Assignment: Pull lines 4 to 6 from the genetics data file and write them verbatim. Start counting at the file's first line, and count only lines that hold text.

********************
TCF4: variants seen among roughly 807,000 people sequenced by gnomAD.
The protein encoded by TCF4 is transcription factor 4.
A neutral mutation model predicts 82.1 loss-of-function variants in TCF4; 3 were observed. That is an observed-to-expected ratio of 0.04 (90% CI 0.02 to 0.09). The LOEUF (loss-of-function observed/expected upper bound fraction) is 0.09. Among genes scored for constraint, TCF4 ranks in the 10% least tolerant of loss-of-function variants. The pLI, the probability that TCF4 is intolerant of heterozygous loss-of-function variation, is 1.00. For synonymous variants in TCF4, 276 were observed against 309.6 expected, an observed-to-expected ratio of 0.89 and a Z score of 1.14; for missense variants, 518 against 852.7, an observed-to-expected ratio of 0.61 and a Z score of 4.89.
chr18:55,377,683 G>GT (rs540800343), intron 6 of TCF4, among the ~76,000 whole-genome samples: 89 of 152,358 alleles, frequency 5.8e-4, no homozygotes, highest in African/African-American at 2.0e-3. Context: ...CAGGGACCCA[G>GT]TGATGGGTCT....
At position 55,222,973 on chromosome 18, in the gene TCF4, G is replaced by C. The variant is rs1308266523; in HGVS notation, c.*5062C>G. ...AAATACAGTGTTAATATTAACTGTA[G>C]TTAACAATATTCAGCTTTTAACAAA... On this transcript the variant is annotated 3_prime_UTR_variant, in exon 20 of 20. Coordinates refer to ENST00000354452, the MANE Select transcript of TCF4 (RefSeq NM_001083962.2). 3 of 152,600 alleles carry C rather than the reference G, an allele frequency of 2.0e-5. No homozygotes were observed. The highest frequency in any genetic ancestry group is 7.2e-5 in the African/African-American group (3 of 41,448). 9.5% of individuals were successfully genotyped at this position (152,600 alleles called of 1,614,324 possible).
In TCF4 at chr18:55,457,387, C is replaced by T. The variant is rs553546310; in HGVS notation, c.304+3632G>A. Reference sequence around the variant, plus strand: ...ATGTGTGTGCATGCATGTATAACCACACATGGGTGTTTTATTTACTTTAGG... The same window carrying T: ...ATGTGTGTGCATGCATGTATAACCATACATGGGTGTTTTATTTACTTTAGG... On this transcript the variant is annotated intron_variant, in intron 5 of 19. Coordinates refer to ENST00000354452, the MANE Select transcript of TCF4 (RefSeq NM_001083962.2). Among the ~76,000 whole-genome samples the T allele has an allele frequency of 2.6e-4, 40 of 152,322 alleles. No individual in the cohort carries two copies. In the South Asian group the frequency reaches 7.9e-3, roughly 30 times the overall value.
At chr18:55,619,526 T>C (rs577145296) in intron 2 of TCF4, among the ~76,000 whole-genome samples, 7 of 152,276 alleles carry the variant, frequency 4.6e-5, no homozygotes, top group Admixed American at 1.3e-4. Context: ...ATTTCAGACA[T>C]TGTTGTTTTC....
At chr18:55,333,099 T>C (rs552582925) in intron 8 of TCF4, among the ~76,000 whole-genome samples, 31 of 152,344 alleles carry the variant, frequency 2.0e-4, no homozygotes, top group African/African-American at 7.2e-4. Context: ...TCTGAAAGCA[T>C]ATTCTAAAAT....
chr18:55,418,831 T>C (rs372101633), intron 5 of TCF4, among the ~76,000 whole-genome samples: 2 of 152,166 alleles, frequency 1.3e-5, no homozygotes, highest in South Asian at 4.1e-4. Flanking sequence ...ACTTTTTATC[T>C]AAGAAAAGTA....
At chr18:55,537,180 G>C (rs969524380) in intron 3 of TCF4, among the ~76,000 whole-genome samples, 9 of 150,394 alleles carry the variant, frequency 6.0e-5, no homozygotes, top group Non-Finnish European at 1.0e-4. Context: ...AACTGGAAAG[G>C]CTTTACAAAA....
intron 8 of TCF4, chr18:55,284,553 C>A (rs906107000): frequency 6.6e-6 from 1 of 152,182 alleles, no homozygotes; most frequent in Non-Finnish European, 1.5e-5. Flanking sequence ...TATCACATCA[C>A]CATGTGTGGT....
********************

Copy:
chr18:55,377,683 G>GT (rs540800343), intron 6 of TCF4, among the ~76,000 whole-genome samples: 89 of 152,358 alleles, frequency 5.8e-4, no homozygotes, highest in African/African-American at 2.0e-3. Context: ...CAGGGACCCA[G>GT]TGATGGGTCT....
At position 55,222,973 on chromosome 18, in the gene TCF4, G is replaced by C. The variant is rs1308266523; in HGVS notation, c.*5062C>G. ...AAATACAGTGTTAATATTAACTGTA[G>C]TTAACAATATTCAGCTTTTAACAAA... On this transcript the variant is annotated 3_prime_UTR_variant, in exon 20 of 20. Coordinates refer to ENST00000354452, the MANE Select transcript of TCF4 (RefSeq NM_001083962.2). 3 of 152,600 alleles carry C rather than the reference G, an allele frequency of 2.0e-5. No homozygotes were observed. The highest frequency in any genetic ancestry group is 7.2e-5 in the African/African-American group (3 of 41,448). 9.5% of individuals were successfully genotyped at this position (152,600 alleles called of 1,614,324 possible).
In TCF4 at chr18:55,457,387, C is replaced by T. The variant is rs553546310; in HGVS notation, c.304+3632G>A. Reference sequence around the variant, plus strand: ...ATGTGTGTGCATGCATGTATAACCACACATGGGTGTTTTATTTACTTTAGG... The same window carrying T: ...ATGTGTGTGCATGCATGTATAACCATACATGGGTGTTTTATTTACTTTAGG... On this transcript the variant is annotated intron_variant, in intron 5 of 19. Coordinates refer to ENST00000354452, the MANE Select transcript of TCF4 (RefSeq NM_001083962.2). Among the ~76,000 whole-genome samples the T allele has an allele frequency of 2.6e-4, 40 of 152,322 alleles. No individual in the cohort carries two copies. In the South Asian group the frequency reaches 7.9e-3, roughly 30 times the overall value.